Ahhh, Thanksgiving. My favorite holiday of the year. A time to reconnect with family and friends, gorge yourself without guilt on calorie-ridden foods, and slip into a food coma while watching endless football games, parades and feel-good holiday movies on TV.

Yes, giving thanks for all of your blessings with close family sounds serene in theory, but unfortunately Thanksgiving Dinner can be way more stressful than that – especially one after this latest big election.

Luckily for us PR professionals, we can use our communications skills on this great American holiday to help reduce stress in the kitchen and at the dinner table, bringing together family members of all ages and beliefs to have a fun and festive holiday! It’s simple, just use the communication skills you utilize every day for work, and do a little tweaking to make them work for your familia. Here are a few of my favorites:

  • Suck it up and put on a happy face. Tired from a three hour road trip that should have taken 30 minutes without traffic? Flight got cancelled and you had to go from California to Dallas to get back up to Seattle? Even though all you want to do is crawl in bed with a good bottle of scotch — your family hasn’t seen you in months, so suck it up, take a deep breath and put on that happy face. You do it for work every day; the least you can do is the same for your family that (hopefully!) adores you.
  • Be a good listener. Good listening skills and showing genuine interest are the hallmarks of any good communicator. You’re rested up from your long travels – now is the time to really catch up and listen to what your family has been up to. Yes, it is easier than ever now with FaceTime and Skype to stay in touch with long-distance relatives, but there is nothing like in-person contact to re-establish your connections. Take advantage of your time at home and actively listen.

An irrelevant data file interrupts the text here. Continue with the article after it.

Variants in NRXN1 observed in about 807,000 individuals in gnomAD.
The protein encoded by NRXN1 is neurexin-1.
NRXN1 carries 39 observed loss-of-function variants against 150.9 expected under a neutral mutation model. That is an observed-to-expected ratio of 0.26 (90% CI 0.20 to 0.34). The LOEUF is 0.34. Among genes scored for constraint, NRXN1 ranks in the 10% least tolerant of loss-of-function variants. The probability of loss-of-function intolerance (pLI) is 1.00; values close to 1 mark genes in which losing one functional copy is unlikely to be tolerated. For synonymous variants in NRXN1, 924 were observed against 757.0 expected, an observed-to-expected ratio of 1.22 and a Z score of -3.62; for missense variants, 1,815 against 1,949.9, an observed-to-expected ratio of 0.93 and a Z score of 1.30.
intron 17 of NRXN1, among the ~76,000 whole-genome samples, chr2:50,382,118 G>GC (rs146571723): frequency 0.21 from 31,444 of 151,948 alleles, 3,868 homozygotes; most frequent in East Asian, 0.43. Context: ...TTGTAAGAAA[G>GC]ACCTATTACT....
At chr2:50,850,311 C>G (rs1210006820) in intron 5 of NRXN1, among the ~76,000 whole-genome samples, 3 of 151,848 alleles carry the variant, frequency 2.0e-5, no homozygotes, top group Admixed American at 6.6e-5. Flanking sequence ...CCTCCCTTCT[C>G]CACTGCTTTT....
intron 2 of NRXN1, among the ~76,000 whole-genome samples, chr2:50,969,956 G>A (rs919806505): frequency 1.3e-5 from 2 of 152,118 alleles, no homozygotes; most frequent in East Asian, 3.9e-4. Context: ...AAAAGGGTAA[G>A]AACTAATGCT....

• Let others talk. You just got to your Thanksgiving fete and haven’t seen some people in ages, so they will be asking you lots of questions about yourself. That’s great, but don’t be THAT person who does all the talking. What you are saying may be of interest to you only. Keep the other person in mind, giving him/her a chance to be a part of the conversation. Look for signals that you may be boring your listener and ask questions to involve them in the conversation.
  • If all else fails, Deflect, Defect, Deflect! Things have been going swimmingly, but all of a sudden Aunt Edna has had one too many and refuses to stop talking about her take on the election. Now is the time to actively use your crisis communication skills and deflect, deflect, deflect! Take Aunt Edna into the other room, change the subject and get her mind going onto something else she adores – like her 10 dogs, 5 cats and herself. If there’s one thing we know how to do as PR professionals, it is how to deflect from a seemingly bad situation and turn lemons into lemonade.
  • Show appreciation and affection. Just as any good PR campaign must come to an end, so must our Thanksgiving vacations. And just like in any good PR campaign, it is always good to congratulate yourself and your team and show appreciation for a job well done. Let your loved ones know how much they mean to you, and show gratitude and affection for your time together. The turkey, stuffing, mashed potatoes and gravy may be my favorite meal, but it’s the time spent with family and friends that make Thanksgiving to me truly special.

Happy Thanksgiving!